The first of the month/year GBIF problem and the interval date GBIF problem

I call each of these a “GBIF problem” in the title because they usually arise when GBIF processes data from an IPT. This isn’t always the case, though (see below).

Here are three examples. In each case a perfectly valid ISO 8601 eventDate entry is converted by GBIF to an incorrect ISO 8601 date.

  • 2017 is processed as 2017-01-01
  • 2017-04 is processed as 2017-04-01
  • 2017-04-06/2017-06-25 is processed as 2017-04-06

These GBIF problems have been repeatedly noted and discussed on the GBIF, TDWG and related GitHub pages for years:

To save you reading through all those issues and discussions, here’s a summary: “GBIF is aware of these problems but hasn’t fixed them yet”.

To its credit, GBIF allows data users to see or download both the before-processing date (verbatim value) and the after-processing date (interpreted value). While this is great for savvy data users, it must be a continuing source of embarrassment for GBIF technical staff.

But it isn’t always GBIF’s fault. Data compilers and publishers sometimes work with software that refuses to recognise “2017” as a date or “2017-04-06/2017-06-25” as a date interval. The date error arises during data entry and stays there. If the data publisher enters “2017-01-01” when only “2017” is known (or worse, “2017-00-00”), that’s the data publisher’s mistake, not GBIF’s.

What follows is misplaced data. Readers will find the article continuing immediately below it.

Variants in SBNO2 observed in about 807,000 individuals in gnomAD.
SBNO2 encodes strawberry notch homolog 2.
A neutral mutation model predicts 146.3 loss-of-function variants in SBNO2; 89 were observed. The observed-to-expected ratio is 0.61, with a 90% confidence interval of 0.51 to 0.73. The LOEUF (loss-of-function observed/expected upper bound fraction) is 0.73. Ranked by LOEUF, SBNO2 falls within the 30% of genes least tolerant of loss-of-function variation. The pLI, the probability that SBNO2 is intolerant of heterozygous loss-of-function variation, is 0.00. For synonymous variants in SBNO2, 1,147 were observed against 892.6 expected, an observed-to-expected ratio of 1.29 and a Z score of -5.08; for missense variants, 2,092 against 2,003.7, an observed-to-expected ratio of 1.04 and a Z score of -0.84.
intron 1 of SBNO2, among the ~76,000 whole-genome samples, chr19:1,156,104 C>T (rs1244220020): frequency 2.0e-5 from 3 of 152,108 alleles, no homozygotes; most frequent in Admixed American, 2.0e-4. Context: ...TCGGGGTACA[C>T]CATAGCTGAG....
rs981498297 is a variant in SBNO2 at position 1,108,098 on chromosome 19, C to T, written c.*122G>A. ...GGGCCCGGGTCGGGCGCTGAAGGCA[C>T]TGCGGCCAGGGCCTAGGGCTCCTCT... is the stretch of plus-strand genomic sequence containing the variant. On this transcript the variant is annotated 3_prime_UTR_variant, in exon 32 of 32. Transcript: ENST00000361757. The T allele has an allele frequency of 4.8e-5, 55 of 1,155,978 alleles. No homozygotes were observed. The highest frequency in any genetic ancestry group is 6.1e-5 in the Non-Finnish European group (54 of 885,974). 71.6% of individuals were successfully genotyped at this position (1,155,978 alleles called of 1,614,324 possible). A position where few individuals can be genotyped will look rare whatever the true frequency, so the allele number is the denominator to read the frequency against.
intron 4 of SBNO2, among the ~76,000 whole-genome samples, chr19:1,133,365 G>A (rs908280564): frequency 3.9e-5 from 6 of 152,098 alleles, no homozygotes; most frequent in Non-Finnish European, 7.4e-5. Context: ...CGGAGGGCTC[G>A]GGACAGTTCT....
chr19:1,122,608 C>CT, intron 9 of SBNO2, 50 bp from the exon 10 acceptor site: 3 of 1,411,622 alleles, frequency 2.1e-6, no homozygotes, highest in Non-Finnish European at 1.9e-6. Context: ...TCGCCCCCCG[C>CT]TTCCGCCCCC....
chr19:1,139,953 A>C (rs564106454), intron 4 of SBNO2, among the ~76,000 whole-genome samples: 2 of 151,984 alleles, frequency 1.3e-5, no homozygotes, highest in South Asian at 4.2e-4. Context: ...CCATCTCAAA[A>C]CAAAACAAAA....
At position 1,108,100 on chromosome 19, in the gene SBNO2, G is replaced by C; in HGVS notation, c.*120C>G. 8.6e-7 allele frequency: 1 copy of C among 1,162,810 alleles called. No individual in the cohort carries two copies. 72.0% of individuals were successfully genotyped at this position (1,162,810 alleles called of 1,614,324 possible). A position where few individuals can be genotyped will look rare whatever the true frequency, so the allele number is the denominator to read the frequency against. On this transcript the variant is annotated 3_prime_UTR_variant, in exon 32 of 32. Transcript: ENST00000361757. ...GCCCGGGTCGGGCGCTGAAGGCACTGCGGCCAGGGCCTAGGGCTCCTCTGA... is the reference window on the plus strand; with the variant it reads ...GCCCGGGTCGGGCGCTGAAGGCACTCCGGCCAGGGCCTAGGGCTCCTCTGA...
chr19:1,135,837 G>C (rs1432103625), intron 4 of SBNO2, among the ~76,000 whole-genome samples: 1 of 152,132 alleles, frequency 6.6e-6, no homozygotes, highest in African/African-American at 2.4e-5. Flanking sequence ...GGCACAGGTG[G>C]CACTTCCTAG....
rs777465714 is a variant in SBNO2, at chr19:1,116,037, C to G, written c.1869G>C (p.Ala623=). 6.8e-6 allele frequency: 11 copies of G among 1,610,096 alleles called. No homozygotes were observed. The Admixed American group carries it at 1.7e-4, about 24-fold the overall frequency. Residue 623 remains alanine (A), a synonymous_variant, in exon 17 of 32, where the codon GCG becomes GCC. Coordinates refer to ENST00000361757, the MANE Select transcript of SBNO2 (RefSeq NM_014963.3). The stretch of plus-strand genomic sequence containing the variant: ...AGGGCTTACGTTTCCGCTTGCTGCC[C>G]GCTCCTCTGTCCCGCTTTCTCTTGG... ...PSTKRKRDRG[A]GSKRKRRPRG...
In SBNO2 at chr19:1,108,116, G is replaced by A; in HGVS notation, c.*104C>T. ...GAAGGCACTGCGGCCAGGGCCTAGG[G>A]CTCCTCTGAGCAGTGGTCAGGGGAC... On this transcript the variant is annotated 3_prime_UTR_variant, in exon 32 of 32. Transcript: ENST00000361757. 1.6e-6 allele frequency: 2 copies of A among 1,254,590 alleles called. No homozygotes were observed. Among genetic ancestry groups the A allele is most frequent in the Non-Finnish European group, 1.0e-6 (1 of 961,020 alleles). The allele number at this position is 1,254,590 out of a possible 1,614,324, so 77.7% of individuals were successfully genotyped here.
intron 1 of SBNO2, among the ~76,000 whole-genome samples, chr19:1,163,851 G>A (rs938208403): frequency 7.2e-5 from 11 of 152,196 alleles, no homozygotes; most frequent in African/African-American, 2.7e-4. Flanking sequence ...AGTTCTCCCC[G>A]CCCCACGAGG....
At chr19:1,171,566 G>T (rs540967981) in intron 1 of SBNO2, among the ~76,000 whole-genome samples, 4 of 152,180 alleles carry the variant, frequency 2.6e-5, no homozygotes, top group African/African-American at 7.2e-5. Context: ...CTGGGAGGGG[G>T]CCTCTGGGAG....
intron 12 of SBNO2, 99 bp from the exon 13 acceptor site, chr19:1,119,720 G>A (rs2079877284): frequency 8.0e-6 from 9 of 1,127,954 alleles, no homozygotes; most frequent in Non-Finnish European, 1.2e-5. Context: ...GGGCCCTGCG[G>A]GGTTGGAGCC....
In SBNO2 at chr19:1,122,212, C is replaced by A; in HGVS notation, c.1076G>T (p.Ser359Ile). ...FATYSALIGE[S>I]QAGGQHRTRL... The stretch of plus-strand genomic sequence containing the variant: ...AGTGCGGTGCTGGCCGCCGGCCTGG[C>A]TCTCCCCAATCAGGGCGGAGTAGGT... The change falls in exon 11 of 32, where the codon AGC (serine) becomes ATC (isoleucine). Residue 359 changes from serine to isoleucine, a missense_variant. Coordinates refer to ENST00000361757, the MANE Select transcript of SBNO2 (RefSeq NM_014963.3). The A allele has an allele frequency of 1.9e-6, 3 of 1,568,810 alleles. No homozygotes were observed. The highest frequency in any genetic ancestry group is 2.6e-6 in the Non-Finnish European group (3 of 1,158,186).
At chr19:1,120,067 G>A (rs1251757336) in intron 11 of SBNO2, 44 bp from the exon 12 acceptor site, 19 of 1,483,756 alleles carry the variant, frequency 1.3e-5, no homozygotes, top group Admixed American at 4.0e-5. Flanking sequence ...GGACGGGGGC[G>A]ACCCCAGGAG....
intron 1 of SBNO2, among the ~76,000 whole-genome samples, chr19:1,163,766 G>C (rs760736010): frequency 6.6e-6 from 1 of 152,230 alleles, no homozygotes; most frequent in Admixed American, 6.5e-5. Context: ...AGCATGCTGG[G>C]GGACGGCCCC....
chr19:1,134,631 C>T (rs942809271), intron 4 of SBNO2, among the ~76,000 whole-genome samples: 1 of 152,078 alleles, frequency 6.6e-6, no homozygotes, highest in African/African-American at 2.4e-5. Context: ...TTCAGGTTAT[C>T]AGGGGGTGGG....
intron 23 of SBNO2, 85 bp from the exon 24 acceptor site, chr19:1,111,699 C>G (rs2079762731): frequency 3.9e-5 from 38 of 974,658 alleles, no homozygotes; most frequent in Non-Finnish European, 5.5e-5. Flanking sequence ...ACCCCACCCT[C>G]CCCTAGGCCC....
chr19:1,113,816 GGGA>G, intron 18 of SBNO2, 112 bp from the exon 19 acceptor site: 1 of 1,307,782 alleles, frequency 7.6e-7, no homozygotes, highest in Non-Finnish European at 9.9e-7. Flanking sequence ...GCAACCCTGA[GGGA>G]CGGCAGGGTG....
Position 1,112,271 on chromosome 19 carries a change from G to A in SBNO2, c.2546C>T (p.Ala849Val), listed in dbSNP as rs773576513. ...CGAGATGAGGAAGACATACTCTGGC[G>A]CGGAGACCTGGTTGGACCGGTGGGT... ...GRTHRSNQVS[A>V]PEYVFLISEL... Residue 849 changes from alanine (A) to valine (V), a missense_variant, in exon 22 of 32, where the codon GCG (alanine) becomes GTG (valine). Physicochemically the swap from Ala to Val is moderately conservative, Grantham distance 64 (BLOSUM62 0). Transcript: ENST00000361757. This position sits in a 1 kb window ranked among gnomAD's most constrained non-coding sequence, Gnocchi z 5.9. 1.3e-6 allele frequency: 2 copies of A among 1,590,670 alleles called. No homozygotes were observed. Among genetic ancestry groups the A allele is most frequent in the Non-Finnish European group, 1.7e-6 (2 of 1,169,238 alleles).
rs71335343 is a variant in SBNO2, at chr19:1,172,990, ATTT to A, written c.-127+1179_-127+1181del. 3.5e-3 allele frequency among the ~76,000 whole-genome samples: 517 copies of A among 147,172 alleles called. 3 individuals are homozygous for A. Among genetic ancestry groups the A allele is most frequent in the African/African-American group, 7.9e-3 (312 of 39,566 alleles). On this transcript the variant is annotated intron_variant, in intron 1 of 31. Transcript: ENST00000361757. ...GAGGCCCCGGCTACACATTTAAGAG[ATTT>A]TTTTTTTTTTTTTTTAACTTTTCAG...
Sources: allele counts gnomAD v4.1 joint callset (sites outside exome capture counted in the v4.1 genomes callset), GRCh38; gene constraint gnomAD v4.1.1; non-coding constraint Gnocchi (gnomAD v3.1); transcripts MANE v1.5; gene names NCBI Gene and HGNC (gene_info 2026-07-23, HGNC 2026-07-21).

The solution in before-processing is to pass the data to a third-party data-checking service. First-of-month and first-of-year dates will get queried, and if verbatimEventDate is “6 April to 25 June 2017”, the data compiler will be encouraged to change eventDate from “2017-04-06” to “2017-04-06/2017-06-25”.


Robert Mesibov (“datafixer”); robert.mesibov@gmail.com

These issues were addressed in the UK’s NBN Data Model by the authors of our biological recording desktop software Recorder (now Recorder 6) where they were implemented.
As you say Robert, a large complex issue but one useful starting point might be the model detailed in
Copp, C. J. T. (2000). The NBN data model and its implementation in Recorder 2000. Environmental Information Management, (November), 1–105. Retrieved from http://citeseerx.ist.psu.edu/viewdoc/download?doi=10.1.1.79.5946&rep=rep1&type=pdf
There may be further topics raised on this on the NBN Forum at Forum which retains stuff from decades ago
The model was subsequently used in the UK’s online system iRecord - operated by our BRC (funded by JNCC)
All predating Darwin Core, none of my reading of that suggests that the NBN model was ever consulted during its development, maybe I’m wrong
That’s the best response I can give to this off the top of my head. Always a bit pushed on these GBIF forum topics as they close for comments so quickly. To investigate the way that the UK addressed these problems I’d suggest posting enquiries on the NBN Forum, with the warning that like many such forums it’s very deserted these days. The desktop system Recorder 6 is still maintained if you wish to explore, I guess there’s a more recent paper than that 2000 one to be had somewhere
Good hunting
Darwyn

There’s is now work underway to fix how eventDate is handled in the API: GBIF API: Supporting ranges in occurrence eventDate